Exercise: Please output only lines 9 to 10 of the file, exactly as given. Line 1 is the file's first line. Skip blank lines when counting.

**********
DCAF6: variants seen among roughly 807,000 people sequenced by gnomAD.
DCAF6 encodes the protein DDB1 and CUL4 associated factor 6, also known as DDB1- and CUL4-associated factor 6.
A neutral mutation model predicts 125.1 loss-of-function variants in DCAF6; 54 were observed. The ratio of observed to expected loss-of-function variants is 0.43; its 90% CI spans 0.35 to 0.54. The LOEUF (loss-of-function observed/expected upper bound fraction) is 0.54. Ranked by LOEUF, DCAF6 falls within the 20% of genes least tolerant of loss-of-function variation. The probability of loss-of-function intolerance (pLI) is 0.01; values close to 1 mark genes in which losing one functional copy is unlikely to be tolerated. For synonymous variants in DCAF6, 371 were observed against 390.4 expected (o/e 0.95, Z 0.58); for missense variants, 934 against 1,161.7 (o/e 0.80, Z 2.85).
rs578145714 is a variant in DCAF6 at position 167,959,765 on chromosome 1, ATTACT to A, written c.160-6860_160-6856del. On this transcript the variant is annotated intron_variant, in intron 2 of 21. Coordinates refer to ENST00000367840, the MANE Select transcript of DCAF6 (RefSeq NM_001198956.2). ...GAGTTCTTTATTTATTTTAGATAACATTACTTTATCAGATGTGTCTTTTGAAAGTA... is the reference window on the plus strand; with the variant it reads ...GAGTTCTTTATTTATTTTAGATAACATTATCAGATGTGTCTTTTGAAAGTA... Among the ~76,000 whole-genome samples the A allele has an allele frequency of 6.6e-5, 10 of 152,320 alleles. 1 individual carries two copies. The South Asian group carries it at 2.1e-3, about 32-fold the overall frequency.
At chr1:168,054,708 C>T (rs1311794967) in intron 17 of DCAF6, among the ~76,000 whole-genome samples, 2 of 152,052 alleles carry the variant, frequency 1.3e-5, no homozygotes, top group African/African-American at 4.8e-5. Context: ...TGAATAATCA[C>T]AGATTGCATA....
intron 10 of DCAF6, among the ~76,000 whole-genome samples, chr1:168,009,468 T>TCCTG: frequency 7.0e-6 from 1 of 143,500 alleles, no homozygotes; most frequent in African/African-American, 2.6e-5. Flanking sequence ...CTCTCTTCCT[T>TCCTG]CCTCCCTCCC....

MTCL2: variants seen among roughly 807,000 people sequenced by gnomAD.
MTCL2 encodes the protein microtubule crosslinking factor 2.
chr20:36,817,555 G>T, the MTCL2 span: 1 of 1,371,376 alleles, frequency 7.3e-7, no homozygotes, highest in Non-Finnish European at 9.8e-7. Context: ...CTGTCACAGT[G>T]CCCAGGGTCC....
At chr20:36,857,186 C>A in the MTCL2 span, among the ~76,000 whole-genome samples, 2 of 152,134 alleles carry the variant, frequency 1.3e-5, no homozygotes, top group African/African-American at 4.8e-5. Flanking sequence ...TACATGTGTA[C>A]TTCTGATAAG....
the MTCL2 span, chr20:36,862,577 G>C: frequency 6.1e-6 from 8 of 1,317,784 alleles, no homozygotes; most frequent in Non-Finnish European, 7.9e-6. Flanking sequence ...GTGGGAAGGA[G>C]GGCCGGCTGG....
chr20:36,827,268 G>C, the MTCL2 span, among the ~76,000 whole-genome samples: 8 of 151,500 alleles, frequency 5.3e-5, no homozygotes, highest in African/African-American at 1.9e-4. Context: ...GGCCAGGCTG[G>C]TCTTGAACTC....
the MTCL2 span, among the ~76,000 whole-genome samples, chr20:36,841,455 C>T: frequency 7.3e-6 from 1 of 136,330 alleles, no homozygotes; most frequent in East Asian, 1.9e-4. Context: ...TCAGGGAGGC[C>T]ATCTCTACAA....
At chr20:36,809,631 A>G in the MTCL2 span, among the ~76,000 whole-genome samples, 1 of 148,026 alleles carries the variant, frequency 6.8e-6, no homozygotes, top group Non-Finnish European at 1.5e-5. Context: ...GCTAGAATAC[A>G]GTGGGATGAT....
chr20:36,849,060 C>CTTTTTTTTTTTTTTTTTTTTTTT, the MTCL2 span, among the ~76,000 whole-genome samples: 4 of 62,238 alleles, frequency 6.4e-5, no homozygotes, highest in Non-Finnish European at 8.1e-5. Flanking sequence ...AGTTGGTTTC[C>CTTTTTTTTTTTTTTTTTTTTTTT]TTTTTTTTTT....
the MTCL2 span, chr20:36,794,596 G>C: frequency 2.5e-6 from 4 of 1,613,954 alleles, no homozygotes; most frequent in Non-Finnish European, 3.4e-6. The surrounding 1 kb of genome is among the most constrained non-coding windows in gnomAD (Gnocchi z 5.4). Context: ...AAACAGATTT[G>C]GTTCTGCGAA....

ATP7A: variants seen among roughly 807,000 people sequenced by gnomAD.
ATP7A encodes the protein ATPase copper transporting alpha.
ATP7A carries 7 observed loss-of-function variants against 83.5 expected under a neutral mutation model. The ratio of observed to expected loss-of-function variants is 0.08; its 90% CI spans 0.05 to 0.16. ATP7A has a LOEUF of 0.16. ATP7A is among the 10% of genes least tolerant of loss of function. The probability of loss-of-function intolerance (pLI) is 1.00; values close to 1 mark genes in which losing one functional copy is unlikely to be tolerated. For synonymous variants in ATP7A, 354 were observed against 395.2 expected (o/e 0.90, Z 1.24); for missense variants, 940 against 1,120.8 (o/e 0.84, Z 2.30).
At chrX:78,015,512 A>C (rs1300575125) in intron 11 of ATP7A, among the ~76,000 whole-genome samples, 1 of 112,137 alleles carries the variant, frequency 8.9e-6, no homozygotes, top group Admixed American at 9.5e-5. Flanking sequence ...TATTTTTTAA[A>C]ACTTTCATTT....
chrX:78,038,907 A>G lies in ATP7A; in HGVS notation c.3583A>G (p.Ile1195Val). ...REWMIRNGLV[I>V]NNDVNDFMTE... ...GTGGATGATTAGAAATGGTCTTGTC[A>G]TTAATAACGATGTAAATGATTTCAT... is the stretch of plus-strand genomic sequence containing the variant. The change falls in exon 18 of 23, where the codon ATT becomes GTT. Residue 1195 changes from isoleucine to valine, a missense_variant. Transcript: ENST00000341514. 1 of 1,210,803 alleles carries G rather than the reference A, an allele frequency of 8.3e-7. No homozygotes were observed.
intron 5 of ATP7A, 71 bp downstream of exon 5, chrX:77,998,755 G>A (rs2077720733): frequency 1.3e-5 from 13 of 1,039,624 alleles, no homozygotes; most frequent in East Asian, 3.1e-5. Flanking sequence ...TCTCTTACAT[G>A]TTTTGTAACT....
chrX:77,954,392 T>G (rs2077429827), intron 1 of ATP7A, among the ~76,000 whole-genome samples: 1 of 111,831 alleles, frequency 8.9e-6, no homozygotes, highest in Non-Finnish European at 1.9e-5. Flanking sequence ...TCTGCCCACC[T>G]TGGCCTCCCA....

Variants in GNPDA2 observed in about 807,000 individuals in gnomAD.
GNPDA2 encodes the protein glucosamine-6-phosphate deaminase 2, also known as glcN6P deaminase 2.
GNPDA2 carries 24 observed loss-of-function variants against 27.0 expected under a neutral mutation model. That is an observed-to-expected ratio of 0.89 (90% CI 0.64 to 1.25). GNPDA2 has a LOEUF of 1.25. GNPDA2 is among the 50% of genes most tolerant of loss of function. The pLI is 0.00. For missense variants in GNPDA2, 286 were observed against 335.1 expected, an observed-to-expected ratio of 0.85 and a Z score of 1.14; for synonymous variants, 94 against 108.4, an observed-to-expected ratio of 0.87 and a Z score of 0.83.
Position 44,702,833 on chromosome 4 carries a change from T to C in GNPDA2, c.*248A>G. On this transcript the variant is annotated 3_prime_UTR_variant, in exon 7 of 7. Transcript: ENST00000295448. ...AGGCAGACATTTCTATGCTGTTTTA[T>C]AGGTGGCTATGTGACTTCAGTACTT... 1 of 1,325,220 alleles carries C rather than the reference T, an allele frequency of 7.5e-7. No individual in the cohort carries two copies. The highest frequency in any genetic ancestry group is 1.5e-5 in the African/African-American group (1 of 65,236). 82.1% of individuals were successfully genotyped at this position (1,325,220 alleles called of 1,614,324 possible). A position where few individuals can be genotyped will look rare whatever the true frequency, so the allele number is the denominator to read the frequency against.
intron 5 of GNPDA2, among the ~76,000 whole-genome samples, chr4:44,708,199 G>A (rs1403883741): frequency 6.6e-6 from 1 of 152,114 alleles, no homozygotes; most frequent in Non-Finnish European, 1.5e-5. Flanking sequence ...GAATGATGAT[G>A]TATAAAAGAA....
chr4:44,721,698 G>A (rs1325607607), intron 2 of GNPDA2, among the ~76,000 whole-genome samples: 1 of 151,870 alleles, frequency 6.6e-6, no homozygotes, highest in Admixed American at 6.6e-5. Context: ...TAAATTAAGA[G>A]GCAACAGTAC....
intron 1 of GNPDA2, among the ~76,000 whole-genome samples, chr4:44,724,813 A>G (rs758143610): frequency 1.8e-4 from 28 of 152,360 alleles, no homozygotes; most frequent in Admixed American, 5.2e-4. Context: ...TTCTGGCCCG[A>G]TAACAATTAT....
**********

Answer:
chr20:36,817,555 G>T, the MTCL2 span: 1 of 1,371,376 alleles, frequency 7.3e-7, no homozygotes, highest in Non-Finnish European at 9.8e-7. Context: ...CTGTCACAGT[G>T]CCCAGGGTCC....
At chr20:36,857,186 C>A in the MTCL2 span, among the ~76,000 whole-genome samples, 2 of 152,134 alleles carry the variant, frequency 1.3e-5, no homozygotes, top group African/African-American at 4.8e-5. Flanking sequence ...TACATGTGTA[C>A]TTCTGATAAG....